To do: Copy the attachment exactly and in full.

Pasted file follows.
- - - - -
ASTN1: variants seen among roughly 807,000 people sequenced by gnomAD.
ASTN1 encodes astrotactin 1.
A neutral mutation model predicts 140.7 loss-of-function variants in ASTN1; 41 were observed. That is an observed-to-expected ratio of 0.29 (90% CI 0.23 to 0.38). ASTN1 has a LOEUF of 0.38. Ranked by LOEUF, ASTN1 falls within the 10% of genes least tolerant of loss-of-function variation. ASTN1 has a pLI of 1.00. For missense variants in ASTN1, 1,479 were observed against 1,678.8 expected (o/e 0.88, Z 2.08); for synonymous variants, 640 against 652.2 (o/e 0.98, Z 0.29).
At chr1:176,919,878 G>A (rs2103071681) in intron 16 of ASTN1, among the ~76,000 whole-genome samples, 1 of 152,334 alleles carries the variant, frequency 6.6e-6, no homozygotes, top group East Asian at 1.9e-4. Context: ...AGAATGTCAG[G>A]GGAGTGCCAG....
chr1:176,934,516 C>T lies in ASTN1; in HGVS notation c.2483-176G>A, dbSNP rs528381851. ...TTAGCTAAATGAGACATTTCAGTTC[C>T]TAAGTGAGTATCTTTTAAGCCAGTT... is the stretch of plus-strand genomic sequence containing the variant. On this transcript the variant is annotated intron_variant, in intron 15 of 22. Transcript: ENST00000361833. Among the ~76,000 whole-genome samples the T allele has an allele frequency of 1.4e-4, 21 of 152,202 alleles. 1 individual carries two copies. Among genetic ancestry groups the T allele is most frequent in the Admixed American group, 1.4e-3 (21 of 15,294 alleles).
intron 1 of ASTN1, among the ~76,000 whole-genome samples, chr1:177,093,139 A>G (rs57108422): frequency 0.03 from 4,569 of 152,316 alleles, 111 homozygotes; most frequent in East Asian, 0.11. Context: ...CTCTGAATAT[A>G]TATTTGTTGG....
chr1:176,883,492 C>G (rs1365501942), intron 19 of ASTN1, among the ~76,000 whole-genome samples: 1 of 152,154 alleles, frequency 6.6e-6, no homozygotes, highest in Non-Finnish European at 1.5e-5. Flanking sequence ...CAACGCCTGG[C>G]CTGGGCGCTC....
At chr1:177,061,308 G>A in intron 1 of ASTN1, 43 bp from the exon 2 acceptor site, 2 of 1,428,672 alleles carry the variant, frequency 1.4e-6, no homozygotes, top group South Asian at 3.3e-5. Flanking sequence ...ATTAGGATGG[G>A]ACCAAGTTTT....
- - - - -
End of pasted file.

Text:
ASTN1: variants seen among roughly 807,000 people sequenced by gnomAD.
ASTN1 encodes astrotactin 1.
A neutral mutation model predicts 140.7 loss-of-function variants in ASTN1; 41 were observed. That is an observed-to-expected ratio of 0.29 (90% CI 0.23 to 0.38). ASTN1 has a LOEUF of 0.38. Ranked by LOEUF, ASTN1 falls within the 10% of genes least tolerant of loss-of-function variation. ASTN1 has a pLI of 1.00. For missense variants in ASTN1, 1,479 were observed against 1,678.8 expected (o/e 0.88, Z 2.08); for synonymous variants, 640 against 652.2 (o/e 0.98, Z 0.29).
At chr1:176,919,878 G>A (rs2103071681) in intron 16 of ASTN1, among the ~76,000 whole-genome samples, 1 of 152,334 alleles carries the variant, frequency 6.6e-6, no homozygotes, top group East Asian at 1.9e-4. Context: ...AGAATGTCAG[G>A]GGAGTGCCAG....
chr1:176,934,516 C>T lies in ASTN1; in HGVS notation c.2483-176G>A, dbSNP rs528381851. ...TTAGCTAAATGAGACATTTCAGTTC[C>T]TAAGTGAGTATCTTTTAAGCCAGTT... is the stretch of plus-strand genomic sequence containing the variant. On this transcript the variant is annotated intron_variant, in intron 15 of 22. Transcript: ENST00000361833. Among the ~76,000 whole-genome samples the T allele has an allele frequency of 1.4e-4, 21 of 152,202 alleles. 1 individual carries two copies. Among genetic ancestry groups the T allele is most frequent in the Admixed American group, 1.4e-3 (21 of 15,294 alleles).
intron 1 of ASTN1, among the ~76,000 whole-genome samples, chr1:177,093,139 A>G (rs57108422): frequency 0.03 from 4,569 of 152,316 alleles, 111 homozygotes; most frequent in East Asian, 0.11. Context: ...CTCTGAATAT[A>G]TATTTGTTGG....
chr1:176,883,492 C>G (rs1365501942), intron 19 of ASTN1, among the ~76,000 whole-genome samples: 1 of 152,154 alleles, frequency 6.6e-6, no homozygotes, highest in Non-Finnish European at 1.5e-5. Flanking sequence ...CAACGCCTGG[C>G]CTGGGCGCTC....
At chr1:177,061,308 G>A in intron 1 of ASTN1, 43 bp from the exon 2 acceptor site, 2 of 1,428,672 alleles carry the variant, frequency 1.4e-6, no homozygotes, top group South Asian at 3.3e-5. Flanking sequence ...ATTAGGATGG[G>A]ACCAAGTTTT....